The effects of direct-to-consumer antidepressent advertising on doctor-patient relationships
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Objective: This qualitative study looks at how doctors and patients feel direct-to-consumer antidepressant advertising affects the doctor-patient relationship. Methods and Results: I conducted open-ended interviews with eight primary care physicians to understand their feelings about direct-to-consumer antidepressant advertising. I performed a content analysis of eight antidepressant and antidepressant add-on advertisements available on YouTube. I also collected and analyzed comments for each YouTube ad to represent the general public's opinions. Using an ethnomedical framework, I looked at the many factors surrounding direct-to-consumer antidepressant advertising including: the object of concern (depression), the social practice of advertising, patients' cultural specific concerns, doctors' values, and managed care organizations (the institutional level). Conclusions: My study points to both physician and societal perceptions of the current practice of direct-to-consumer antidepressant advertising, and its perceived risks or benefits to the doctor-patient relationship.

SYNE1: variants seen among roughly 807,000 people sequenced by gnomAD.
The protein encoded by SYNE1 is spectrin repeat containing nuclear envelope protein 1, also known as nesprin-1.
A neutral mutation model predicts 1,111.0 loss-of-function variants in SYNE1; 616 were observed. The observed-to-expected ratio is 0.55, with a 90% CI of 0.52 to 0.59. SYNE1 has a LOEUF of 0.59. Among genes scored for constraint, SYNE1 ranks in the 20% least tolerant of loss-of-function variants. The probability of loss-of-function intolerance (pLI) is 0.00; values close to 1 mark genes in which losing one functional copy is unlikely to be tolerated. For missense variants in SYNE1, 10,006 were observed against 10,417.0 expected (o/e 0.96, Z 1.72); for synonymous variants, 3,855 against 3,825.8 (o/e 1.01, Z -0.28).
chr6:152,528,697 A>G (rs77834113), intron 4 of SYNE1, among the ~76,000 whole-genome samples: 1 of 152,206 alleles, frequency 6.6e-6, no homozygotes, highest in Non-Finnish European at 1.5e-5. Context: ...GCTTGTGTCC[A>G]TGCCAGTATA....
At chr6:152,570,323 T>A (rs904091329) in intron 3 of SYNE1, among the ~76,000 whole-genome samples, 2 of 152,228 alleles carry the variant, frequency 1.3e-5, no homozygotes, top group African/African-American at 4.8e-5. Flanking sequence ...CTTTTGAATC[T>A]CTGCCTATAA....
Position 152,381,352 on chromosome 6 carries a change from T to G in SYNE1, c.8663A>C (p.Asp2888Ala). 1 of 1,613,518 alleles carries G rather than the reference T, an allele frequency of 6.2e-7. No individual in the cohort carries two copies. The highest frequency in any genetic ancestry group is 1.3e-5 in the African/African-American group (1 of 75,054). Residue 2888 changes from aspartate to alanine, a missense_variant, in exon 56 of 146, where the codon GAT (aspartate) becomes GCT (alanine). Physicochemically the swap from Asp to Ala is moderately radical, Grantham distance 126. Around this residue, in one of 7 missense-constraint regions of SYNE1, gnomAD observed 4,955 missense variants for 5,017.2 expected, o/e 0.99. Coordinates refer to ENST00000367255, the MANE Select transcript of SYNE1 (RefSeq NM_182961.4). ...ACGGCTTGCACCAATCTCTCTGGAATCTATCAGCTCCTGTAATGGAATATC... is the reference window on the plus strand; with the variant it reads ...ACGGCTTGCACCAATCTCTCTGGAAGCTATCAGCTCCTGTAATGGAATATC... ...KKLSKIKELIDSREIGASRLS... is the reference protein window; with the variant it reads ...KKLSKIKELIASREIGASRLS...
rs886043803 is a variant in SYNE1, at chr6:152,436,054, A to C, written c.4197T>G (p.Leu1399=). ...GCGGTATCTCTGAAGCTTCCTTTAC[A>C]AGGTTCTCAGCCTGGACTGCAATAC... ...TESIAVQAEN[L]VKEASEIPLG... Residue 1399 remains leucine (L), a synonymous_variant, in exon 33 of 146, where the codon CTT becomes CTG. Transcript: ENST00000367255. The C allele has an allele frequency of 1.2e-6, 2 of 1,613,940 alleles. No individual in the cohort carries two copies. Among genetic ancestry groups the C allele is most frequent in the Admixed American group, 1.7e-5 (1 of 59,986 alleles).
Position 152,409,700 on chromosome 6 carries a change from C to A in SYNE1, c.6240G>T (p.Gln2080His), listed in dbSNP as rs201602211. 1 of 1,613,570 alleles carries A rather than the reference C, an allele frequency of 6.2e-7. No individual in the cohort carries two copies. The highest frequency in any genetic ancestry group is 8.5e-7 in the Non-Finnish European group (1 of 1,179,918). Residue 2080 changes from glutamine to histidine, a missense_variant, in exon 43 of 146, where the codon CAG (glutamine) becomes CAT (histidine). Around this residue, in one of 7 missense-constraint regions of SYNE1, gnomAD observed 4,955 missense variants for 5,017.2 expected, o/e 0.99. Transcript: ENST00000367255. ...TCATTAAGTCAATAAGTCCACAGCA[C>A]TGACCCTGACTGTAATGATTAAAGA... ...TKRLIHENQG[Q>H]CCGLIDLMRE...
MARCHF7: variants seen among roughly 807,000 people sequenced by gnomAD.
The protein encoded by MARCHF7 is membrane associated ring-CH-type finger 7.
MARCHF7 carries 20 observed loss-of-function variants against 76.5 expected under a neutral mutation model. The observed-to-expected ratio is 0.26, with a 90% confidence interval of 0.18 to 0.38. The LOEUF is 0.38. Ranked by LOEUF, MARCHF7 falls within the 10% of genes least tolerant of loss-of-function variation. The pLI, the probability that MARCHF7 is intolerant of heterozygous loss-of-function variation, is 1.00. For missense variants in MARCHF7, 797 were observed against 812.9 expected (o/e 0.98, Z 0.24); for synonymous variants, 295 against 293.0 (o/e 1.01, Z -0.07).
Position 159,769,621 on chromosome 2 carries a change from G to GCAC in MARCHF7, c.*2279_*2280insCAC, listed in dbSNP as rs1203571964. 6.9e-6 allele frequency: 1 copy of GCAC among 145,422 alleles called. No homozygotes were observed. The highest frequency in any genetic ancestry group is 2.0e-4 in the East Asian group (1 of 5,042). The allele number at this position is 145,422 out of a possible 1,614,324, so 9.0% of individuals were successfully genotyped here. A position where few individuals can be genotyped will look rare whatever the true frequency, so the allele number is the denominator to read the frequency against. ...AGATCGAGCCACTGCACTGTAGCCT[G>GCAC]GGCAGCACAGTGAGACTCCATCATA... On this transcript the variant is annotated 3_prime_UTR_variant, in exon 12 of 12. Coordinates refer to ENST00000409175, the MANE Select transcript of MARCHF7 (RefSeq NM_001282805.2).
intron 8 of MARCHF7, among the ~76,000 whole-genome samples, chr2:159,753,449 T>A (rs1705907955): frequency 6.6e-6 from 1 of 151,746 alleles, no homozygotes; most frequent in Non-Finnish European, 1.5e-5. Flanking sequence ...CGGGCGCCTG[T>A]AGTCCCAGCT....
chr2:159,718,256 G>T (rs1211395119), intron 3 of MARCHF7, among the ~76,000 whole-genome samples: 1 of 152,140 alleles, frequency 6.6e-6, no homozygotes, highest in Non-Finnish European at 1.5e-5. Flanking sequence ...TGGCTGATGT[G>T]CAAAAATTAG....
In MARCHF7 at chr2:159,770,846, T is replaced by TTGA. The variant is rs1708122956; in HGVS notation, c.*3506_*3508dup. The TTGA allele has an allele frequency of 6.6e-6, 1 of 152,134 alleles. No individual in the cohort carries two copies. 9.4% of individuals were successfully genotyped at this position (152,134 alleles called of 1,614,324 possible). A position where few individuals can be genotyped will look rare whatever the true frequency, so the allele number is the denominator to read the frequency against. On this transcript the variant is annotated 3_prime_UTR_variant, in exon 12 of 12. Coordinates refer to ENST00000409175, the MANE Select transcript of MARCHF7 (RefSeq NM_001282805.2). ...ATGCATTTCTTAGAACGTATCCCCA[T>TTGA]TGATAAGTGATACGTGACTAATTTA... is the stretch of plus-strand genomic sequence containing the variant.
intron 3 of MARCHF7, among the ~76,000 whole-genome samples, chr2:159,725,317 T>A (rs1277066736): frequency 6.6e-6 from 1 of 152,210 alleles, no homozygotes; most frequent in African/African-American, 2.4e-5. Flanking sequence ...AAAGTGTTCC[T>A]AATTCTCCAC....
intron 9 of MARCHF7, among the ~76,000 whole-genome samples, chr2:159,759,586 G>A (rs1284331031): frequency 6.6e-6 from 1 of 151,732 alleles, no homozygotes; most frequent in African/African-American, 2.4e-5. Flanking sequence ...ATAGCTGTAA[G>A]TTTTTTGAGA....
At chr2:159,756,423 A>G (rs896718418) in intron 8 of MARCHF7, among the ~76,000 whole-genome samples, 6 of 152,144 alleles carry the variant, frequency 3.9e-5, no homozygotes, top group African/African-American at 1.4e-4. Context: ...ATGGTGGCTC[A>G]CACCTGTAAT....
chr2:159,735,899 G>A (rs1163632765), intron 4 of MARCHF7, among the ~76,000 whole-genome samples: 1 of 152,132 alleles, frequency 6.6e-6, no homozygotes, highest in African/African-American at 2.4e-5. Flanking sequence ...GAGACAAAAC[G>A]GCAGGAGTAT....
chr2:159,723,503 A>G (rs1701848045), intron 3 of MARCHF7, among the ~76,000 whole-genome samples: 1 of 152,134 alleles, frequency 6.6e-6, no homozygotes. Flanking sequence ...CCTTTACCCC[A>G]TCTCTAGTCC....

Thesis (M.A.)--Boston University PLEASE NOTE: Boston University Libraries did not receive an Authorization To Manage form for this thesis or dissertation. It is therefore not openly accessible, though it may be available by request. If you are the author or principal advisor of this work and would like to request open access for it, please contact us at firstname.lastname@example.org. Thank you.